What the hell do I do all day: The bucket model of community leadership

I am at the Community Leadership Summit (CLS) in Portland this weekend where hundreds of people whose jobs it is to lead communities have come together to collaborate on a wide variety of community-related topics.

One of the talks I attended yesterday was “What the Hell Do We Do Everyday?” by Evan Hamilton. The goal was to compare notes on how community leaders spend their time day-to-day. As part of the discussion, I roughed out a “Bucket Model” that groups the types of tasks that seem to me to be part of the job. Many people seemed to like it so I thought I’d post it here.

Although I’ve been active in the Alfresco community for a long time, it didn’t become my full-time job until a few months ago. When that happened, the first thing I did was think about what the community needed from me. I wrote down all kinds of things, from tactical stuff like, “Answer questions in the forum” to more strategic stuff like, “Make the community more vibrant”. As I looked at my list I realized that there were buckets of things I needed to do that probably wouldn’t change much over time. Because I’m part of the Marketing organization, I also realized that my buckets should all start with the same letter. And maybe if my buckets were one word action verbs, they’d stick in the minds of my team and the community. So here are the 3 E’s of Community Leadership: Engage, Enable, and Expose.

Engage

Engage is about engaging community members, regardless of skill set or role in the community, to participate more deeply. This encompasses tasks like connecting community members with community initiatives, speaking at local community events, or facilitating a community advisory board or some other type of discussion. Engage is really about being an active and present part of the community.

Enable

Enable is a bucket of tasks around making sure the community has the tools they need to meet their goals. This is not only removing hurdles and resolving conflict, but also providing technical tools and infrastructure like wikis, forums, IRC channels, etc. If your community is technical, it could also mean providing examples, tutorials, and code snippets.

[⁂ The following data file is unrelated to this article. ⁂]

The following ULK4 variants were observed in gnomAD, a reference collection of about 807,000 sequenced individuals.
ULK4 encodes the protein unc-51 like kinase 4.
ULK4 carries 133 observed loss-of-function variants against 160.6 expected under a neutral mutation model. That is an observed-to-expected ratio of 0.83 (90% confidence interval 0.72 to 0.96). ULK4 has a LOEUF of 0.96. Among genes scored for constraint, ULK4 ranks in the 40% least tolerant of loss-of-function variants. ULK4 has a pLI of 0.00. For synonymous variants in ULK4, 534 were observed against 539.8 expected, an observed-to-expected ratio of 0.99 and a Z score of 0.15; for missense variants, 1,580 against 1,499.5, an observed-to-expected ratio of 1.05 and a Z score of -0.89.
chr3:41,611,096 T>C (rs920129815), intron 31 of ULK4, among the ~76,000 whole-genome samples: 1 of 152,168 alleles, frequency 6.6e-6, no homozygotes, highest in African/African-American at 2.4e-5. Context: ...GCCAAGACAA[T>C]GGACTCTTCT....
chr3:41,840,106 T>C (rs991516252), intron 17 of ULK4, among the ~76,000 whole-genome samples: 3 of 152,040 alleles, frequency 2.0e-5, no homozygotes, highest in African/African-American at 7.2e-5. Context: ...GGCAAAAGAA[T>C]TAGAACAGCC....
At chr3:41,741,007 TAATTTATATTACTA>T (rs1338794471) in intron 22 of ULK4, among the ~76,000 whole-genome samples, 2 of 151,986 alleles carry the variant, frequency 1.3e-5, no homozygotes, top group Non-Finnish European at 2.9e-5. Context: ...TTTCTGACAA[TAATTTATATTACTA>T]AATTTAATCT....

Expose

Expose consists of tasks that are about exposing the greatness already existing in the community, both community projects and individuals. The goal here is to really be the amplifier around the good things going on in the community. This helps increase community awareness, but it also helps reinforce and model the behavior that you want to encourage from the rest of the community.

The tasks in the “3 E’s” buckets are all about moving forward toward achieving the community vision. But there are also a set of “run-and-maintain” tasks that are really about keeping the wheels from falling off. Maybe this ought to be a fourth “E” bucket called “Execute“. These tasks fall into sub-buckets like:

Monitor. As community leaders, we have all sorts of channels we’re wired into: Email, Social, IRC, Forums, Wiki, Blogs, etc. Part of execution is monitoring and responding to these channels. As one of the attendees pointed out, if you aren’t careful, this one can suck the life out of you if you don’t manage it properly.

Measure. Putting measures in place and keeping track of those measures is an important way to figure out if you’re making progress against your plan. The specific measures are different for each community but they might be things like survey results, downloads, installs, registered forum/wiki users, forum points awarded, etc.

Report. Report is about getting reports from your team and reporting status to the rest of the community.

Plan. This bucket is about periodically reviewing and refining your plan.

I’ve spun up projects/initiatives that slot into each of these buckets. So, on any given day, I’m either personally working on tasks that fall into these buckets, or I’m working with team mates and other members of the community who are doing the same.

So, if you’ve ever wondered what Alfresco’s Chief Community Officer does, now you know. And if you’re also a community leader, I’d love to see how this maps up to what you do. What did I miss?